On the other hand, the respondents were asked about what activities or skills they developed during the lockdown. The most mentioned activities were cleaning the house, cooking, watching television, series and movies. Table 1 shows the percentage of mentions of these activities. The high percentage of mentions observed in the activity “cleaning the house” could be due to that domestic service was suspended during isolation; and so, this task had to be done by ourselves. All the activities listed in table 1 were totally associated with the respondent spending more time at home.
Concepts and emotions associated with isolation
A percentage greater than 50% of the surveyed population associated the situation of lockdown with positive emotions (share with the family, stay at home); while only 24% associate it with negative emotions (anxiety, anguish, fear).
Concerning the concept “My anxiety influences my usual way of eating,” the opinions were divided; 42% of the surveyed population did not agree with this sentence and a similar percentage (43%) agreed with this sentence.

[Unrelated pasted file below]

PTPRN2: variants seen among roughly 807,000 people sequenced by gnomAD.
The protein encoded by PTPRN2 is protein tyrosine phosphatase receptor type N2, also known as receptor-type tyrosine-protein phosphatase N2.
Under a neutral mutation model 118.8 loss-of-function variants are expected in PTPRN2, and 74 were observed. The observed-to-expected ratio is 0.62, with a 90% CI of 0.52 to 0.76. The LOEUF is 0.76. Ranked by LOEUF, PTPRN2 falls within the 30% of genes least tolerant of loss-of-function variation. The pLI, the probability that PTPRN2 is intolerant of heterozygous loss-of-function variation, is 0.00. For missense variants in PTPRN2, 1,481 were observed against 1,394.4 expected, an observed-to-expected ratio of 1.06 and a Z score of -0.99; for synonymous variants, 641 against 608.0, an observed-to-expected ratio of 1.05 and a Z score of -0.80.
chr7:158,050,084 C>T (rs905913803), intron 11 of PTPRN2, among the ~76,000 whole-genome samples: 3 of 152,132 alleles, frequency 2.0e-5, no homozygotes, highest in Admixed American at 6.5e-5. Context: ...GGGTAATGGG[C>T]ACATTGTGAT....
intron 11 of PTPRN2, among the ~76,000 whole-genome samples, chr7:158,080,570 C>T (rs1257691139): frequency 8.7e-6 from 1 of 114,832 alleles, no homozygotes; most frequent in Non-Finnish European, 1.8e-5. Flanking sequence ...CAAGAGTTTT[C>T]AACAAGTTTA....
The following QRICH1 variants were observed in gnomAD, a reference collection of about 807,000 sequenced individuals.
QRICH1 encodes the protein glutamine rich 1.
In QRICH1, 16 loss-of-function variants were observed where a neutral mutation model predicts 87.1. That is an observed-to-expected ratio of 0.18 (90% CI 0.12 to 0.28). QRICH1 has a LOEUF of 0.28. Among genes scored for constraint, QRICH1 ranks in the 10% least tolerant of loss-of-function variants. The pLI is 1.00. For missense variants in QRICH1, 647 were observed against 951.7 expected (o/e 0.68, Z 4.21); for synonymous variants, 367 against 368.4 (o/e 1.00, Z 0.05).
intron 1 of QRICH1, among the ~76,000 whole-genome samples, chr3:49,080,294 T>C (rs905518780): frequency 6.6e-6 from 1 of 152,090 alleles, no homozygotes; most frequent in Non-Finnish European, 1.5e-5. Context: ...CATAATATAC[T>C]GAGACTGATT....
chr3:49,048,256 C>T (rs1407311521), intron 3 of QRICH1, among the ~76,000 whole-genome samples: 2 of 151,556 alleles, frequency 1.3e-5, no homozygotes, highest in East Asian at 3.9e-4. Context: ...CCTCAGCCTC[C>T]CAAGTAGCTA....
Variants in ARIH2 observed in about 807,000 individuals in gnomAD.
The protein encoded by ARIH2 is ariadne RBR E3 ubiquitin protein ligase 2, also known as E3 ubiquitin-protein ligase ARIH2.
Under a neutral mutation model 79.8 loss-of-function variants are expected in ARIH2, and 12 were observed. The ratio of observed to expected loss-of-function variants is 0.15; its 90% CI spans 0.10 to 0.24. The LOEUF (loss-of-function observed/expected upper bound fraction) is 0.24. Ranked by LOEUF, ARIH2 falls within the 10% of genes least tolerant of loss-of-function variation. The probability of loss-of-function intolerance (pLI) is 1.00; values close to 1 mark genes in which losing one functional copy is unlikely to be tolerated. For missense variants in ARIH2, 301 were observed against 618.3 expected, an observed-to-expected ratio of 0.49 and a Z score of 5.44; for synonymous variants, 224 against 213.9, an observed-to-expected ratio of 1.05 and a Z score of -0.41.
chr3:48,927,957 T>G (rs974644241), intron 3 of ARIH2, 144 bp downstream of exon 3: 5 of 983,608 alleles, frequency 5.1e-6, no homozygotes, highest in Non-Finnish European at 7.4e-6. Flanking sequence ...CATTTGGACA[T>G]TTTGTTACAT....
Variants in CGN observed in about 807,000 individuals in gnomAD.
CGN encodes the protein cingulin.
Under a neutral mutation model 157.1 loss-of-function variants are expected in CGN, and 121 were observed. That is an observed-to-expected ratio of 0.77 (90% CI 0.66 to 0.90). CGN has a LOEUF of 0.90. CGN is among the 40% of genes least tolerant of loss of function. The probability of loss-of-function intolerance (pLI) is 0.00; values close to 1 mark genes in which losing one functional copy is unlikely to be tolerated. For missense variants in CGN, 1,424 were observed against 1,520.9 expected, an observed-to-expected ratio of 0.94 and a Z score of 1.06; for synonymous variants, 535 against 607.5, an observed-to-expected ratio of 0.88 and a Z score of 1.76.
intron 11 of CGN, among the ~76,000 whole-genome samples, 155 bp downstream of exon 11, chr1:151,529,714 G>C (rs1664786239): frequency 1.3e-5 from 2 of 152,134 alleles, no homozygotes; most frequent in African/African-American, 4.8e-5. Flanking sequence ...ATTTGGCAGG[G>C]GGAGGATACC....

Concerning the concept “Eating in these circumstances distress me”, 69% of the surveyed population did not agree with this sentence, and only 15% of the subjects agreed. Similar results were observed in the concept “Eating in these circumstances relaxes me”, where 51% of the surveyed population did not agree with this sentence, and 29% of the subjects agreed.
At the end of the questionnaire, the respondents spontaneously wrote the first 3 sentences associated with this situation. Different concepts, emotions, ideas or thoughts emerged from this question, and these were grouped in categories; those with the highest mention are listed below:
- Return to normality: I need to get back to my routine, I want it to end soon, I am tired of the lockdown.
- Situation that will generate change: learnings, discoveries, social and eating habits, etc.
- Alterations in eating habits (diet): sometimes for the better (I have more time to cook, so I avoid rotisserie food, I have more time at home, this helps to prepare healthier food); and sometimes for the worse (My need for flour increased, I am eating six or seven times a day, this is much more than usual).
- Negative emotions: sadness, nostalgia, missing (I am sad because I miss my freedom, being able to be with my family and friends).